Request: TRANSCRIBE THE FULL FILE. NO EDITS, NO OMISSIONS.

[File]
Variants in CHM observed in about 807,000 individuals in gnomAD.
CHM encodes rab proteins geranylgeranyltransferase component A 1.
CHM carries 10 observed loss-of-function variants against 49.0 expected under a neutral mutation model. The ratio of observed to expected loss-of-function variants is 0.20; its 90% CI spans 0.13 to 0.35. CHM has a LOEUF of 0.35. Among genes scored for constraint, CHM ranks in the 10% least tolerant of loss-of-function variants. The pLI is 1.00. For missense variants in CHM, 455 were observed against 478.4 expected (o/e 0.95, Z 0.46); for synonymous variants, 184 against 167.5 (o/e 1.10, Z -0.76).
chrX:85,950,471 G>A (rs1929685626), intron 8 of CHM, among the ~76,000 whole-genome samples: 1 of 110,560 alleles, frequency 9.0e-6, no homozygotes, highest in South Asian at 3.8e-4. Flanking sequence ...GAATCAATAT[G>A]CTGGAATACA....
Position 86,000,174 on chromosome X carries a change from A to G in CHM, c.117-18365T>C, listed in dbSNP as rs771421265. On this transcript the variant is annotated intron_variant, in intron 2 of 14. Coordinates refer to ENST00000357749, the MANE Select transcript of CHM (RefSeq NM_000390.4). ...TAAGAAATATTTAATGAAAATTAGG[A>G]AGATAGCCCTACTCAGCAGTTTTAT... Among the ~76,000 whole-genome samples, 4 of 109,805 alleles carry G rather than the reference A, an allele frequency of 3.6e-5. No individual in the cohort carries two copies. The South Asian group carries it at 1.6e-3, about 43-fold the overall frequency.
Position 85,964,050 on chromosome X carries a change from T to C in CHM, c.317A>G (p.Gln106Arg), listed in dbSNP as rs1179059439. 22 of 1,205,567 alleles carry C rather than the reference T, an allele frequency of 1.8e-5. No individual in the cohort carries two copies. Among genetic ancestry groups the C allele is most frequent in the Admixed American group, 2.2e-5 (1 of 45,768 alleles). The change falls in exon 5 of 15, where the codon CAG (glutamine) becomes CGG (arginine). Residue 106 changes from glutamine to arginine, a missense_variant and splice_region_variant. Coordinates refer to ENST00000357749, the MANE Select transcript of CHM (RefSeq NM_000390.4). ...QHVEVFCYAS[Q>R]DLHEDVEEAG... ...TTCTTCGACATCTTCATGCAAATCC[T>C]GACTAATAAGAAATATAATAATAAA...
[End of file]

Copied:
Variants in CHM observed in about 807,000 individuals in gnomAD.
CHM encodes rab proteins geranylgeranyltransferase component A 1.
CHM carries 10 observed loss-of-function variants against 49.0 expected under a neutral mutation model. The ratio of observed to expected loss-of-function variants is 0.20; its 90% CI spans 0.13 to 0.35. CHM has a LOEUF of 0.35. Among genes scored for constraint, CHM ranks in the 10% least tolerant of loss-of-function variants. The pLI is 1.00. For missense variants in CHM, 455 were observed against 478.4 expected (o/e 0.95, Z 0.46); for synonymous variants, 184 against 167.5 (o/e 1.10, Z -0.76).
chrX:85,950,471 G>A (rs1929685626), intron 8 of CHM, among the ~76,000 whole-genome samples: 1 of 110,560 alleles, frequency 9.0e-6, no homozygotes, highest in South Asian at 3.8e-4. Flanking sequence ...GAATCAATAT[G>A]CTGGAATACA....
Position 86,000,174 on chromosome X carries a change from A to G in CHM, c.117-18365T>C, listed in dbSNP as rs771421265. On this transcript the variant is annotated intron_variant, in intron 2 of 14. Coordinates refer to ENST00000357749, the MANE Select transcript of CHM (RefSeq NM_000390.4). ...TAAGAAATATTTAATGAAAATTAGG[A>G]AGATAGCCCTACTCAGCAGTTTTAT... Among the ~76,000 whole-genome samples, 4 of 109,805 alleles carry G rather than the reference A, an allele frequency of 3.6e-5. No individual in the cohort carries two copies. The South Asian group carries it at 1.6e-3, about 43-fold the overall frequency.
Position 85,964,050 on chromosome X carries a change from T to C in CHM, c.317A>G (p.Gln106Arg), listed in dbSNP as rs1179059439. 22 of 1,205,567 alleles carry C rather than the reference T, an allele frequency of 1.8e-5. No individual in the cohort carries two copies. Among genetic ancestry groups the C allele is most frequent in the Admixed American group, 2.2e-5 (1 of 45,768 alleles). The change falls in exon 5 of 15, where the codon CAG (glutamine) becomes CGG (arginine). Residue 106 changes from glutamine to arginine, a missense_variant and splice_region_variant. Coordinates refer to ENST00000357749, the MANE Select transcript of CHM (RefSeq NM_000390.4). ...QHVEVFCYAS[Q>R]DLHEDVEEAG... ...TTCTTCGACATCTTCATGCAAATCC[T>C]GACTAATAAGAAATATAATAATAAA...